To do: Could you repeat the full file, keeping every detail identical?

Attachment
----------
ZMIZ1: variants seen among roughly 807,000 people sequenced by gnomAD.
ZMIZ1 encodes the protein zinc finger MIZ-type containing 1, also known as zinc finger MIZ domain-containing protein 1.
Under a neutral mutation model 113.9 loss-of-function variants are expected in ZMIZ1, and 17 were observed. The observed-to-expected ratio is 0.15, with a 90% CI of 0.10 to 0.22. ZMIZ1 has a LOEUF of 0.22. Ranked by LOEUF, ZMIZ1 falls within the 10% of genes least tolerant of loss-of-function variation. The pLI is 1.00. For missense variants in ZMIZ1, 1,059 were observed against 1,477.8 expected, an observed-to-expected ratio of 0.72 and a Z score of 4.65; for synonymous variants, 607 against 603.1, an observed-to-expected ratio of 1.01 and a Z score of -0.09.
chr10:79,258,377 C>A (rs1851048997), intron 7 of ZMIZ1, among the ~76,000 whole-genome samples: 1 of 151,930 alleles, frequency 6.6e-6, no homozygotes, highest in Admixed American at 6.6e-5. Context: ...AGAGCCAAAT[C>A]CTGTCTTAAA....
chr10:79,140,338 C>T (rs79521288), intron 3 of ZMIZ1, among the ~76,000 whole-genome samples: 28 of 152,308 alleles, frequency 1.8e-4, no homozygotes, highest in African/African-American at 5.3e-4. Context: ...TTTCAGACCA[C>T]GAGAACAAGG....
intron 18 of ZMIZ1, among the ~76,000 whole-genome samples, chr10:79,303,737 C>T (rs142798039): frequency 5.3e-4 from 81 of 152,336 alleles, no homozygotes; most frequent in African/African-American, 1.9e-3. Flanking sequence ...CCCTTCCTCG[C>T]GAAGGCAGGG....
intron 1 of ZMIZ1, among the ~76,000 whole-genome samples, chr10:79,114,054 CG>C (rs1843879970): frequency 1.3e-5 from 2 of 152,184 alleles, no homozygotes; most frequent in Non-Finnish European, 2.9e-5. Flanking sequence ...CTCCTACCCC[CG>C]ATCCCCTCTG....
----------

ZMIZ1: variants seen among roughly 807,000 people sequenced by gnomAD.
ZMIZ1 encodes the protein zinc finger MIZ-type containing 1, also known as zinc finger MIZ domain-containing protein 1.
Under a neutral mutation model 113.9 loss-of-function variants are expected in ZMIZ1, and 17 were observed. The observed-to-expected ratio is 0.15, with a 90% CI of 0.10 to 0.22. ZMIZ1 has a LOEUF of 0.22. Ranked by LOEUF, ZMIZ1 falls within the 10% of genes least tolerant of loss-of-function variation. The pLI is 1.00. For missense variants in ZMIZ1, 1,059 were observed against 1,477.8 expected, an observed-to-expected ratio of 0.72 and a Z score of 4.65; for synonymous variants, 607 against 603.1, an observed-to-expected ratio of 1.01 and a Z score of -0.09.
chr10:79,258,377 C>A (rs1851048997), intron 7 of ZMIZ1, among the ~76,000 whole-genome samples: 1 of 151,930 alleles, frequency 6.6e-6, no homozygotes, highest in Admixed American at 6.6e-5. Context: ...AGAGCCAAAT[C>A]CTGTCTTAAA....
chr10:79,140,338 C>T (rs79521288), intron 3 of ZMIZ1, among the ~76,000 whole-genome samples: 28 of 152,308 alleles, frequency 1.8e-4, no homozygotes, highest in African/African-American at 5.3e-4. Context: ...TTTCAGACCA[C>T]GAGAACAAGG....
intron 18 of ZMIZ1, among the ~76,000 whole-genome samples, chr10:79,303,737 C>T (rs142798039): frequency 5.3e-4 from 81 of 152,336 alleles, no homozygotes; most frequent in African/African-American, 1.9e-3. Flanking sequence ...CCCTTCCTCG[C>T]GAAGGCAGGG....
intron 1 of ZMIZ1, among the ~76,000 whole-genome samples, chr10:79,114,054 CG>C (rs1843879970): frequency 1.3e-5 from 2 of 152,184 alleles, no homozygotes; most frequent in Non-Finnish European, 2.9e-5. Flanking sequence ...CTCCTACCCC[CG>C]ATCCCCTCTG....